Baby Salmon Trucked To Delta In Response To Extreme Drought
Don't Miss This
- CHP Officers, Teacher Help Santa Deliver Presents To Boy Who Didn’t Get Visit Last Year
- Lawyer Allegedly Caught During Sexual Encounter With Jailed Inmate Fires Back
- Man Allegedly Sets Himself And Wife On Fire In Stockton
- Davis Teen Gets 52 Years To Life In Brutal Slaying Of Elderly Couple In Their Beds
- Caltrans May Pick Up The Tab For Your Car’s Pothole Damage
Millions of baby salmon are being trucked and dumped into the Delta as part of a massive effort to save their lives.
For the first time ever, every salmon raised in a California hatchery will get a lift to the sea in an unprecedented move amid our extreme drought.
The first of more than 240 tanker trucks full of baby salmon were dumped into the Delta on Tuesday.
Over the next few months, more than 30 million baby salmon will make the trip.
“This is in response to the drought,” said Stafford Lehr with the California Department of Fish and Wildlife. “We are not necessarily in favor of trucking 100 percent of our fish.”
The drought is forcing both the U.S. Department of Fish and Wildlife and state to give baby salmon a lift, instead of releasing them into rivers.
“These fish, they’re tiny and they’re lousy swimmers,” said John McManus with the Golden Gate Salmon Association. “They don’t swim down the river ocean, they get flushed down by rain and snowmelt, of which we don’t have very much of this year.”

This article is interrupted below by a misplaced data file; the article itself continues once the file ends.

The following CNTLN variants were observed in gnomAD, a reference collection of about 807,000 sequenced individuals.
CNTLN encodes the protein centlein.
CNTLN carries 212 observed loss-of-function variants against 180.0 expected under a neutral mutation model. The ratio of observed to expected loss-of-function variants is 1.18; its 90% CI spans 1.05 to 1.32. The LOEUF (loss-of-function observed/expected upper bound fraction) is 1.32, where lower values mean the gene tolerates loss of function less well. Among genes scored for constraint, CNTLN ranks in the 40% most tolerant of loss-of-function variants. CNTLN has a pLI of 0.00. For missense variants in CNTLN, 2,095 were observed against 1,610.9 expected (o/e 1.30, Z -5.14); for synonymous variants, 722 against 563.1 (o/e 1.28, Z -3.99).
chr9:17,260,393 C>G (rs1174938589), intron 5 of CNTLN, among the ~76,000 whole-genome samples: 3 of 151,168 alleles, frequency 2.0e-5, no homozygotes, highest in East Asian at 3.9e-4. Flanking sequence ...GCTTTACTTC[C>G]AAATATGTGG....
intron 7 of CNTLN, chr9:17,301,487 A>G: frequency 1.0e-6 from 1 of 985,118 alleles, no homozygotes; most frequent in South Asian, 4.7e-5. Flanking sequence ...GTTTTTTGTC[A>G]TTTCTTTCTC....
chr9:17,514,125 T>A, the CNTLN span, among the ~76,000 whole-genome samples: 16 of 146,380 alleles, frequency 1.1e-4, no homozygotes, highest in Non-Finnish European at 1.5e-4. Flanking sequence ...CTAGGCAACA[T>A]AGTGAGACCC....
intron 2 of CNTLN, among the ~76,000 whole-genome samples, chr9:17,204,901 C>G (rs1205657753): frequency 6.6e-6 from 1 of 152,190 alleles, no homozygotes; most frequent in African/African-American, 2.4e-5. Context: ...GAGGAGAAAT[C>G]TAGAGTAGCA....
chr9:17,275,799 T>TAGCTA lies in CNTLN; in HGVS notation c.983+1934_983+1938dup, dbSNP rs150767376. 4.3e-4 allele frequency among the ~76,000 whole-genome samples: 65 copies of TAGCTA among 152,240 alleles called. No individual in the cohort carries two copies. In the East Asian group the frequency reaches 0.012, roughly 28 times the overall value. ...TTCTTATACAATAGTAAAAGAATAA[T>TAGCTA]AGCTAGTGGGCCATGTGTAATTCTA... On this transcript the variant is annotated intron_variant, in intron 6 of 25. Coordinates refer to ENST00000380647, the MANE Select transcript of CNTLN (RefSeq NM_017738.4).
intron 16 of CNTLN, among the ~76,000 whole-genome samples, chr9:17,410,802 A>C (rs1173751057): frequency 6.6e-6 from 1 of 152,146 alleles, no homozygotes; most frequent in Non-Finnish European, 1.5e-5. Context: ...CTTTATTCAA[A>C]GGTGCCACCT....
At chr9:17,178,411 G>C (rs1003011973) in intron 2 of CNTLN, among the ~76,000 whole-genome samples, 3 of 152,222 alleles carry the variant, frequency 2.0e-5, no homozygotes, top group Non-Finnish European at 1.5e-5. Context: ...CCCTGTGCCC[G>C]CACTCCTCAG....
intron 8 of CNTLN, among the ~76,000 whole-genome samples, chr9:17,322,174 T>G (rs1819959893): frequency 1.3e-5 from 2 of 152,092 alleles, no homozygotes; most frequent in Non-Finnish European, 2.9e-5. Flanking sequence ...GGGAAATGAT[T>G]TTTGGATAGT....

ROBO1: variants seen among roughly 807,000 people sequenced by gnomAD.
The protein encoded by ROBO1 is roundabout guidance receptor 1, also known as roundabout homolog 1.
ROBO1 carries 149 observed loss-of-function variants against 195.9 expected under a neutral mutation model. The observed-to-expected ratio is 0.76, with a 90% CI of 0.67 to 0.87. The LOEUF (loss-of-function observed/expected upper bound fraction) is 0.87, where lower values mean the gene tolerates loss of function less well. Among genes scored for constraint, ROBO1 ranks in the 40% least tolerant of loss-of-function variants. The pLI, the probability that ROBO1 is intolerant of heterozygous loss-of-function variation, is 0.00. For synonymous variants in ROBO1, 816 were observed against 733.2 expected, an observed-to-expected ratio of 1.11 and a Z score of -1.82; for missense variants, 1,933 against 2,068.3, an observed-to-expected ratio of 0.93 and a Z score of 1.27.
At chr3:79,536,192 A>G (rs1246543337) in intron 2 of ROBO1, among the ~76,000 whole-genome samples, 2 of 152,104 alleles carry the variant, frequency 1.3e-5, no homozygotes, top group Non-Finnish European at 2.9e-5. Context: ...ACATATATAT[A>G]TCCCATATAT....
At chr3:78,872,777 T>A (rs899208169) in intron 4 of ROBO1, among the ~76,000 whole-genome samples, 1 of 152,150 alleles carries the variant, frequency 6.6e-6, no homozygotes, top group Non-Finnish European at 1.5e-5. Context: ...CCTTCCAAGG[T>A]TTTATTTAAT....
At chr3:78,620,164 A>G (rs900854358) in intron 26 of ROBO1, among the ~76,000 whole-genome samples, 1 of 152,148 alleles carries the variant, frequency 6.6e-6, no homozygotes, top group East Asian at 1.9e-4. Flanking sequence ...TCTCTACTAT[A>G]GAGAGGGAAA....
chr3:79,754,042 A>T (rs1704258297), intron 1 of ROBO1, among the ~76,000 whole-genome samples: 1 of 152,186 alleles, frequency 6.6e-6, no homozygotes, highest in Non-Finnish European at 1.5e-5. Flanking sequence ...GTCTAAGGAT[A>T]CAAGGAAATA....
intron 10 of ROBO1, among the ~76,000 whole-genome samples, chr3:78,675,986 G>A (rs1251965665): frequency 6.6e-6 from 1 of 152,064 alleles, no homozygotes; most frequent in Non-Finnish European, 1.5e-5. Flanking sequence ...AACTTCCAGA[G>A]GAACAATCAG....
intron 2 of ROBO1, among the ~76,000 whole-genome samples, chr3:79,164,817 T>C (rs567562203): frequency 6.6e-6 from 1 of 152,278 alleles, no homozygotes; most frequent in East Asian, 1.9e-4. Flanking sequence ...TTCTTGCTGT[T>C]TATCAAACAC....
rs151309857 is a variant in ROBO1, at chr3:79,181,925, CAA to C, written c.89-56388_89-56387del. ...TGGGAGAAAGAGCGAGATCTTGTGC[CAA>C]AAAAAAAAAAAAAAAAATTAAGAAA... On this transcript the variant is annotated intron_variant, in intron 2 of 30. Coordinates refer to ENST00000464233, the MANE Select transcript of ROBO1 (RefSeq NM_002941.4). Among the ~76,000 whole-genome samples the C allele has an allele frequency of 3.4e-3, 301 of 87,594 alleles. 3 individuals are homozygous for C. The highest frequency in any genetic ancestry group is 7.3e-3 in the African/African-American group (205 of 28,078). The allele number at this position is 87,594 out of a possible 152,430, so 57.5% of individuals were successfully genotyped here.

Instead of swimming 180 miles, the 400,000 smolts, or baby salmon, from the Coleman Fish Hatchery in Anderson drove to Rio Vista.
Officials fear that nearly all of those fish would die if they were released into rivers, either by predator or water temperatures, or once they reach the Delta.
“Juvenile salmon get sucked into the Delta cross channel, and they never come out,” said McManus said. “It’s essentially a black hole.”
Fishing groups say today’s effort will have a huge economic impact.
“This will make all the difference to those coastal communities—the town of Tomales, Bodega Bay, Fort Bragg—that would literally be ghost towns without what we’re doing right there right now,” Victor Gonella with the Golden Gate Salmon Association.
The smolts released this year will return in two to three years to spawn. Some of the fish are tagged, so hatcheries will be able to see how many will survive and make it back.
It’s costing at least $400,000 to haul the salmon closer to the ocean.